The majority of Christian persecution in China is experienced by a small group of Christians from Muslim or Tibetan Buddhist backgrounds. Muslim and Tibetan Buddhist religious leaders are still quite influential in the autonomous provinces of Xinjian and Tibet. In these communities, conversion is seen as much more than changing one’s religion –rather,  it is a complete betrayal of the community and one’s family. Parents and the community at large heavily persecute known Christians. Another persecution driver is the Communist government, which limits freedoms. Christians, in particular, are hedged in by authorities, as they are the largest social force in China not controlled by the state.

While the distinction between government-registered and unregistered churches used to be a major factor in whether or not they were persecuted, this is no longer the case. All Christians are slandered, which seems to support the widely held belief that the Communist Party is banking on a unified Chinese cultural identity to maintain its power. When converts from Islam or Tibetan Buddhism are discovered by their families or communities, they are usually threatened, violently harmed and reported to local authorities. Spouses are sometimes forced to divorce their Christian partners, and some children are taken from their Christian parents. Public baptisms are impossible, and events such as weddings and burials involving known Christians are denied by imams and lamas.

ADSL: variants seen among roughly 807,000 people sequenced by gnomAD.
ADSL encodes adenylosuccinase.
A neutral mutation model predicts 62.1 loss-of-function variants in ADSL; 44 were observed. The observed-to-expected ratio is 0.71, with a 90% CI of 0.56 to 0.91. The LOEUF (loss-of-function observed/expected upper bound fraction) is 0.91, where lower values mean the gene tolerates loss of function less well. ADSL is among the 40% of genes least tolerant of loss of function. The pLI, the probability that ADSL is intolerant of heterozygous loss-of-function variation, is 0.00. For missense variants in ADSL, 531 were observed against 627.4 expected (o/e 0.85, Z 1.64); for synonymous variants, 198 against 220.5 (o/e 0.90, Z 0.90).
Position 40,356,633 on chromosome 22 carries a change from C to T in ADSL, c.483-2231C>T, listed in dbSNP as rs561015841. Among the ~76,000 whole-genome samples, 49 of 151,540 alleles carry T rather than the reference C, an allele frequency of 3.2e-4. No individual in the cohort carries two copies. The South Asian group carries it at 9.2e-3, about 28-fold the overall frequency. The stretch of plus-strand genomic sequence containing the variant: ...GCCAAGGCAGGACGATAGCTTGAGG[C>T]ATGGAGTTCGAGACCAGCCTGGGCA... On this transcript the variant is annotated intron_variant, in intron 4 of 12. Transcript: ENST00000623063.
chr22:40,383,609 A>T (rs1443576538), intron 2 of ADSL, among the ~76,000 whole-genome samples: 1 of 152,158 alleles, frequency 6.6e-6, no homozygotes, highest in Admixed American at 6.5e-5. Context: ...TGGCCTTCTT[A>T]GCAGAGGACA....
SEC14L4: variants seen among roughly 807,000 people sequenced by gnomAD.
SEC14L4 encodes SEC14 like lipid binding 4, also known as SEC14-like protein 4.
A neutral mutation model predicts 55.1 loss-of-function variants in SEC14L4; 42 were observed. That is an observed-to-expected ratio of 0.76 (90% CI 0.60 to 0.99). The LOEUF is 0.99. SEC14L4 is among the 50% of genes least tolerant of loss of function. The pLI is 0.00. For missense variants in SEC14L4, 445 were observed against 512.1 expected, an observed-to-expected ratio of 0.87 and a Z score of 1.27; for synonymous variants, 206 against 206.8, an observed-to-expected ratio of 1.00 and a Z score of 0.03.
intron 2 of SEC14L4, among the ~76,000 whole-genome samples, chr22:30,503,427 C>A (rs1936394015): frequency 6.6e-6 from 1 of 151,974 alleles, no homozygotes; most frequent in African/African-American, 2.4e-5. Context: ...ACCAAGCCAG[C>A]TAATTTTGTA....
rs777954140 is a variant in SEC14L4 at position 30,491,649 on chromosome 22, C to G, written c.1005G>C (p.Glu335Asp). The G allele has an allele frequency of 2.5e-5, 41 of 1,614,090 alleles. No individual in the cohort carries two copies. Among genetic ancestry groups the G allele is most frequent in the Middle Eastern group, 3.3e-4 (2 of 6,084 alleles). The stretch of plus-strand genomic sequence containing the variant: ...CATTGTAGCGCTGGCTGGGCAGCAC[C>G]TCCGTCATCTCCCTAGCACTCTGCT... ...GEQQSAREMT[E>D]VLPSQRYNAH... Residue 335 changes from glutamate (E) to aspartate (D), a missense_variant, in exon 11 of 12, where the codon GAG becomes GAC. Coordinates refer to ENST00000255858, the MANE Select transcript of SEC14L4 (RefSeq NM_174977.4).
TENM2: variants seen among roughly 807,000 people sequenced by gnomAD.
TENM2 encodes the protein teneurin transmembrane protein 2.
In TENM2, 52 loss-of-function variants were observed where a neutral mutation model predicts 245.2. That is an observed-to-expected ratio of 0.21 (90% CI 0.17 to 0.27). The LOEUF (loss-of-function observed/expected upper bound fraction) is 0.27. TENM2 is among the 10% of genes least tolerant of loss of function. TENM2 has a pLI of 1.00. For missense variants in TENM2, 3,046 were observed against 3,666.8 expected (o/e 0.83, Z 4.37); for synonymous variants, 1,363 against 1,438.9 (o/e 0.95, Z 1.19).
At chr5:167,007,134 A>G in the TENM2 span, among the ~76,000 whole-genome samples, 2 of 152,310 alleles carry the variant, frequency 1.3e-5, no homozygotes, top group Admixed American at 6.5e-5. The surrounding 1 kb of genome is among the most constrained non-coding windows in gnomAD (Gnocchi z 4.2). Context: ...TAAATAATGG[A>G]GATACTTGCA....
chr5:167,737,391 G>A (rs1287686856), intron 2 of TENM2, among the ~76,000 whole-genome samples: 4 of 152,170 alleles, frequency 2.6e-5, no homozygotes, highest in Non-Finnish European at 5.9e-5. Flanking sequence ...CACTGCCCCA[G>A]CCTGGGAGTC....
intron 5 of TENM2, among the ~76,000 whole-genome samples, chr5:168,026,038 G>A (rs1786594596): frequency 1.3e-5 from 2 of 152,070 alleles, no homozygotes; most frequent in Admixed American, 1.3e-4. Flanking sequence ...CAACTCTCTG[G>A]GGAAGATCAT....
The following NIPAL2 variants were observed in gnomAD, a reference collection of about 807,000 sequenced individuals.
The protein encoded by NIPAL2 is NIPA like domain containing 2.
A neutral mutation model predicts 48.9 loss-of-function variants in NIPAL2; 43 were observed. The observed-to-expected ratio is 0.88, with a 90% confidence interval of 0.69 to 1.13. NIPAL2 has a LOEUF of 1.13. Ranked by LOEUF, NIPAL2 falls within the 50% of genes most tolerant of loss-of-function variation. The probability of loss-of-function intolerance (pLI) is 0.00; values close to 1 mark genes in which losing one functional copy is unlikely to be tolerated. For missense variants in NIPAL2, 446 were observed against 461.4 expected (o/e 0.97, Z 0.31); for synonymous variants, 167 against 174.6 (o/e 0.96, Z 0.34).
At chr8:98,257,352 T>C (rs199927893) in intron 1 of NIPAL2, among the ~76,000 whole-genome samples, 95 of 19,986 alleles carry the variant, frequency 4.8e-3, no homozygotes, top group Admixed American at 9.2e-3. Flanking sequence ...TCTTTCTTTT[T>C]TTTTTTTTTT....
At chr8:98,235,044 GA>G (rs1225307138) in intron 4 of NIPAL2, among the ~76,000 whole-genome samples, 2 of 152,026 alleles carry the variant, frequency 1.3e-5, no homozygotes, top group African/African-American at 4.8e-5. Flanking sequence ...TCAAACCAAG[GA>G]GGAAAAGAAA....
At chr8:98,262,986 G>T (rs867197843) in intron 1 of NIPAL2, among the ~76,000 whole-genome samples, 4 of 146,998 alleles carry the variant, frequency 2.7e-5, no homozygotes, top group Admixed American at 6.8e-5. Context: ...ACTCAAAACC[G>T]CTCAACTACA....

In August 2017, several buildings belonging to a Catholic church in the Shanxi province were destroyed, despite efforts by church members to protect them. Homes of believers were raided and belongings confiscated in Guangdong, Xinjiang and Anhui. Churches have been raided as well, and landlords renting premises to churches have been pressured to terminate such contracts.

The crackdown on Christianity is part of a broader push by Xi to ‘Sinicise’ all the nation’s religions by infusing them with ‘Chinese characteristics’ such as loyalty to the Communist Party. Over the last several months, local governments across the country have shut down hundreds of private Christian ‘house churches.

House churches are forced to change locations to avoid being closed down by Chinese authorities, making the life of senior Christians extremely difficult.

Chinas leadership is not only controlling religious believes, but its controlling tourism not only in China but more and more making tourism destinations dependent on their politics and rewarding destinations with tourists. This reward doesn’t come without a price, and it comes faster than anticipated.

Here is a list of the top US Christmas destinations also for visiting Chinese tourists.

 

Christians, China says No to Christmas, but Yes to tourism, Buzz travel | eTurboNews |Travel News

Author: Juergen T Steinmetz

Juergen Thomas Steinmetz has continuously worked in the travel and tourism industry since he was a teenager in Germany (1977). He founded eTurboNews in 1999 as the first online newsletter for the global travel tourism industry.

Christians, China says No to Christmas, but Yes to tourism, Buzz travel | eTurboNews |Travel News